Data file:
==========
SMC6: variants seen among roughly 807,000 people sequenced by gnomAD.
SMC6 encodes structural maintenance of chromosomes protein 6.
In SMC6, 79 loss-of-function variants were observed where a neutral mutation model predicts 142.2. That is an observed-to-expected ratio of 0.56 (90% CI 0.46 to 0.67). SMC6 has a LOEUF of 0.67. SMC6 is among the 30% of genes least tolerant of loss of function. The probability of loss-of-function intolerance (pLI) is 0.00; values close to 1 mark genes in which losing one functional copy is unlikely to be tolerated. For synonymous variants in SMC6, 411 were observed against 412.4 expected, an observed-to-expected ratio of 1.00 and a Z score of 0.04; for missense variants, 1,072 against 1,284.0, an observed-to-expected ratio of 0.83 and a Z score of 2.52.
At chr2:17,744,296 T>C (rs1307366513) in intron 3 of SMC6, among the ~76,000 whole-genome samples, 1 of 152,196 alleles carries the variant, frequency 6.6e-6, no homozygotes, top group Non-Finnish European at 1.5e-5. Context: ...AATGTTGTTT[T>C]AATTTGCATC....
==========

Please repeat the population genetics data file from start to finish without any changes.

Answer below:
SMC6: variants seen among roughly 807,000 people sequenced by gnomAD.
SMC6 encodes structural maintenance of chromosomes protein 6.
In SMC6, 79 loss-of-function variants were observed where a neutral mutation model predicts 142.2. That is an observed-to-expected ratio of 0.56 (90% CI 0.46 to 0.67). SMC6 has a LOEUF of 0.67. SMC6 is among the 30% of genes least tolerant of loss of function. The probability of loss-of-function intolerance (pLI) is 0.00; values close to 1 mark genes in which losing one functional copy is unlikely to be tolerated. For synonymous variants in SMC6, 411 were observed against 412.4 expected, an observed-to-expected ratio of 1.00 and a Z score of 0.04; for missense variants, 1,072 against 1,284.0, an observed-to-expected ratio of 0.83 and a Z score of 2.52.
At chr2:17,744,296 T>C (rs1307366513) in intron 3 of SMC6, among the ~76,000 whole-genome samples, 1 of 152,196 alleles carries the variant, frequency 6.6e-6, no homozygotes, top group Non-Finnish European at 1.5e-5. Context: ...AATGTTGTTT[T>C]AATTTGCATC....